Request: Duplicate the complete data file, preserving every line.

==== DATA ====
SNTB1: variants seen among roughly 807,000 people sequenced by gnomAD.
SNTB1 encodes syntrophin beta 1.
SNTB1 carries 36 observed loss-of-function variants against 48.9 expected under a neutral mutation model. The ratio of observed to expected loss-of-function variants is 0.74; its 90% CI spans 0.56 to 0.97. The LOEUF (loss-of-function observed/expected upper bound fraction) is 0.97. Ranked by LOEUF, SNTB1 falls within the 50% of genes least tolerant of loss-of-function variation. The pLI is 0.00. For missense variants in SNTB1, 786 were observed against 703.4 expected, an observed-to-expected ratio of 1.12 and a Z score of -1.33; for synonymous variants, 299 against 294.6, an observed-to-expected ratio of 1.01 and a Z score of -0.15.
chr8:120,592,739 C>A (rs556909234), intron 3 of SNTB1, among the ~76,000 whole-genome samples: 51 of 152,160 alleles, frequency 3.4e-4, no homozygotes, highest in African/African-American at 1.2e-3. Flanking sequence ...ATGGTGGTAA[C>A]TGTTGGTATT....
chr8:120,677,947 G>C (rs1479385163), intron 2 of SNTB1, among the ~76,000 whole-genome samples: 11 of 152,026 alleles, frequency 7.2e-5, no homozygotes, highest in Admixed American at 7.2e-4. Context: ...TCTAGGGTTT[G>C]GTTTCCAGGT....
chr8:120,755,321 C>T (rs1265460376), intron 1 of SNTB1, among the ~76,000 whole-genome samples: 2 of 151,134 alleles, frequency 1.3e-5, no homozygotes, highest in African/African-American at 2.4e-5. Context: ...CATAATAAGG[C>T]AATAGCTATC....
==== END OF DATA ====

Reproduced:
SNTB1: variants seen among roughly 807,000 people sequenced by gnomAD.
SNTB1 encodes syntrophin beta 1.
SNTB1 carries 36 observed loss-of-function variants against 48.9 expected under a neutral mutation model. The ratio of observed to expected loss-of-function variants is 0.74; its 90% CI spans 0.56 to 0.97. The LOEUF (loss-of-function observed/expected upper bound fraction) is 0.97. Ranked by LOEUF, SNTB1 falls within the 50% of genes least tolerant of loss-of-function variation. The pLI is 0.00. For missense variants in SNTB1, 786 were observed against 703.4 expected, an observed-to-expected ratio of 1.12 and a Z score of -1.33; for synonymous variants, 299 against 294.6, an observed-to-expected ratio of 1.01 and a Z score of -0.15.
chr8:120,592,739 C>A (rs556909234), intron 3 of SNTB1, among the ~76,000 whole-genome samples: 51 of 152,160 alleles, frequency 3.4e-4, no homozygotes, highest in African/African-American at 1.2e-3. Flanking sequence ...ATGGTGGTAA[C>A]TGTTGGTATT....
chr8:120,677,947 G>C (rs1479385163), intron 2 of SNTB1, among the ~76,000 whole-genome samples: 11 of 152,026 alleles, frequency 7.2e-5, no homozygotes, highest in Admixed American at 7.2e-4. Context: ...TCTAGGGTTT[G>C]GTTTCCAGGT....
chr8:120,755,321 C>T (rs1265460376), intron 1 of SNTB1, among the ~76,000 whole-genome samples: 2 of 151,134 alleles, frequency 1.3e-5, no homozygotes, highest in African/African-American at 2.4e-5. Context: ...CATAATAAGG[C>T]AATAGCTATC....